Forget the memory foam pillow, sound machine and 800-count Egyptian cotton sheets. You don't need a lot of gear to sleep well in a tent. Something as simple as a sleeping pad can make all the difference in how much shut-eye you get. Use these tips and gear items to make your next camping trip a restful one
1. Invest in a Sleeping Pad
A sleeping pad will give you the comfort of a padded surface without adding a lot of weight to your backpack. There are several different options to choose from for maximum comfort. Start with a low cost mat and figure out what your body needs before you purchase something more expensive.
2. Listen to Mother Nature
There's a reason why sound machines mimic the great outdoors—nature can be soothing. Listen to the stream run, frogs croak, crickets sing, and breeze blow to sooth your mind and relax your body. If these sounds are the reason why you can't sleep, invest in earplugs to doze off in silence.
3. Pick the Right Tent Spot
Be strategic while setting up camp. If it's hot, pitch your tent under a tree for shade. If it's rocky, move the rock or find brush and leaves to separate you from the ground. The best option is to find a new spot if your initial choice doesn't feel right.
4. Buy the Right Sleeping Bag
Sleeping bags are made specifically for certain weather conditions. For example, if you're in a cooler area and you tend to get cold easily, invest in warmer bag.
5. Go to the Restroom Before Bed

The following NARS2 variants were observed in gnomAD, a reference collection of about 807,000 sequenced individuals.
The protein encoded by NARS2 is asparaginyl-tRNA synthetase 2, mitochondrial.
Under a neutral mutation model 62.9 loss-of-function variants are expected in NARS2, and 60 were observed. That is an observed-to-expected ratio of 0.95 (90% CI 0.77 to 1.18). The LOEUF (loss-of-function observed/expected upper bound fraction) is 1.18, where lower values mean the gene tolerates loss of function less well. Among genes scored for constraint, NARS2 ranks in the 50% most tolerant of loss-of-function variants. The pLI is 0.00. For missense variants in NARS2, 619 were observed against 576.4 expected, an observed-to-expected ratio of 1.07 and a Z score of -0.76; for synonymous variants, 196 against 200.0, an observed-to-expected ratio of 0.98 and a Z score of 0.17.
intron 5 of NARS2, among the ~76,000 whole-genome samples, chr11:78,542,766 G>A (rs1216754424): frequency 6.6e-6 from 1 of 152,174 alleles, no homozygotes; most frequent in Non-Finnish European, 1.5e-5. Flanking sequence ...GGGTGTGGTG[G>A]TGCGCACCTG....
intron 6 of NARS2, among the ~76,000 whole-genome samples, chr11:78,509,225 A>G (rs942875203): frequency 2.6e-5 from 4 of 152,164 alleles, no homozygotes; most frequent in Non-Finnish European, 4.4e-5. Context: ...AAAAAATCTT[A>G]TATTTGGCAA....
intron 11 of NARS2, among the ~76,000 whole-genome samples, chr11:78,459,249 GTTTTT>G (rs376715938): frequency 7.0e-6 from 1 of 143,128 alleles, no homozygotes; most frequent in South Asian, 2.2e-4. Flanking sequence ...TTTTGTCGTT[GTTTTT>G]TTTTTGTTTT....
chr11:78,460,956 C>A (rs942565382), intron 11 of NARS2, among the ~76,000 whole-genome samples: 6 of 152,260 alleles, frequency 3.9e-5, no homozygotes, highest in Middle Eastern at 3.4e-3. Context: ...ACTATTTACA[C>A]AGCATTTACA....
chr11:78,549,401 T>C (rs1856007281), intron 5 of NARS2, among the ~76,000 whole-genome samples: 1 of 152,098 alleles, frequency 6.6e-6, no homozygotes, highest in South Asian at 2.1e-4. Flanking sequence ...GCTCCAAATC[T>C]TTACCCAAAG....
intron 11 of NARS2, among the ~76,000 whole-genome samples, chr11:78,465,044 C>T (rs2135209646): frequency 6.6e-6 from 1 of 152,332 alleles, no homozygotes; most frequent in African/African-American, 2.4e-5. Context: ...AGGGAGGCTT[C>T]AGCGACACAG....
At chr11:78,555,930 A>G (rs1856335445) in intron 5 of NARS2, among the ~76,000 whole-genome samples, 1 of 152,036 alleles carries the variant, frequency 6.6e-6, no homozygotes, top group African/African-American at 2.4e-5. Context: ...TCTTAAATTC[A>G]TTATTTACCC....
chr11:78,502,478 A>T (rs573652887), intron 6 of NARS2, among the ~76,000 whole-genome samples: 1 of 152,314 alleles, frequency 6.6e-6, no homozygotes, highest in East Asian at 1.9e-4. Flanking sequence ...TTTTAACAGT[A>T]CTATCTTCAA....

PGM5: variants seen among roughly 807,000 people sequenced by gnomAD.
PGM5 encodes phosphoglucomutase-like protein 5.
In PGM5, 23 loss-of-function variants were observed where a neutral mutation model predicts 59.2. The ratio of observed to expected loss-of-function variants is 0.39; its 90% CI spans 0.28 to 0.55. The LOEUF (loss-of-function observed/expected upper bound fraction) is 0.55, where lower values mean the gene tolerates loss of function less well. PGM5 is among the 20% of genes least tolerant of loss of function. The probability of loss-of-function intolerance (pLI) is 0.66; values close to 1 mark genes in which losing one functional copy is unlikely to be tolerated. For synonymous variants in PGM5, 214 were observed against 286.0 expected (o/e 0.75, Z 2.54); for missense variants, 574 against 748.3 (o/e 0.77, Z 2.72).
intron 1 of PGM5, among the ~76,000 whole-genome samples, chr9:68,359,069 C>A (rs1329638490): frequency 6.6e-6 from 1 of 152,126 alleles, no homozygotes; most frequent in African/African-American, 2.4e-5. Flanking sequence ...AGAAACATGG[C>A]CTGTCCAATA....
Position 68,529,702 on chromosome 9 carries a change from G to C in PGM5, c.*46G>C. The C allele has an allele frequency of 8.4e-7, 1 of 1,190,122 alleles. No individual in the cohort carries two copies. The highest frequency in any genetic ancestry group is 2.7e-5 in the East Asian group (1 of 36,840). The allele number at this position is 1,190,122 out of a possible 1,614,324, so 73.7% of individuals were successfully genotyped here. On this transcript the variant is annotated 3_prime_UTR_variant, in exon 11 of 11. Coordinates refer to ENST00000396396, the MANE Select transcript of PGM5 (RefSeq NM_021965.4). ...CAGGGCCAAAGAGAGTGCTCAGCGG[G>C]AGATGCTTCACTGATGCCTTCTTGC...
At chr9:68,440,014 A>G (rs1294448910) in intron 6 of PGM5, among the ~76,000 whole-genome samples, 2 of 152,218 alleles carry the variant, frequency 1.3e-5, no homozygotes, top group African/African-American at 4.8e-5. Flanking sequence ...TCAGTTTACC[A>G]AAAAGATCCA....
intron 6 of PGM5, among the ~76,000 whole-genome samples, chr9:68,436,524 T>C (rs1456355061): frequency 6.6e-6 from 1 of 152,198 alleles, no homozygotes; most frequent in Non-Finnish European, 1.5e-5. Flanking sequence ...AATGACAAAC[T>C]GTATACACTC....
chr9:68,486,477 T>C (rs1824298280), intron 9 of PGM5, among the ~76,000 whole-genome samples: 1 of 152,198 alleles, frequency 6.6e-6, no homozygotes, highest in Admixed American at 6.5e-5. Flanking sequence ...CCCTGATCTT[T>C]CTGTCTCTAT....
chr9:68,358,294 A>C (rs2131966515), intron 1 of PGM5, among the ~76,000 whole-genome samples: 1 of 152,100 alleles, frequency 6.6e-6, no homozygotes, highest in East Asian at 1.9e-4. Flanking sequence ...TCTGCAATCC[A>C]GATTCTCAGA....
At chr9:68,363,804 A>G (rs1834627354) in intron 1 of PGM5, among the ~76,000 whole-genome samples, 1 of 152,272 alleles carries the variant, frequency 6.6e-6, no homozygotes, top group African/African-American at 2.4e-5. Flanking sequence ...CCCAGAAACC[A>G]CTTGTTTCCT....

When you're snug in your sleeping bag and there's a slight chill in the air, the last thing you want to do is get up to relieve yourself. Always use the restroom right before bed to rid yourself of any potential discomfort. If you have to go in the middle of the night, and it's cold outside, just go. Going to the bathroom will actually help you feel warmer and more comfortable while sleeping.
6. Wake Up Early
Instead of fighting the sun, take a hike to see the sunrise. Make a great breakfast for your fellow campers. Read a book while sipping coffee. This way, your body will naturally be tired and make it easier to fall asleep at night.
7. Get Into a Routine
Use your usual bedtime routine while camping to help your body adjust to sleeping outdoors. Maintain your morning routine as well.
8. Make Adjustments With Each Trip
Make note of all your issues—you need more padding or your sleeping bag is too cold—and actively seek out ways to improve them for each trip that follows.
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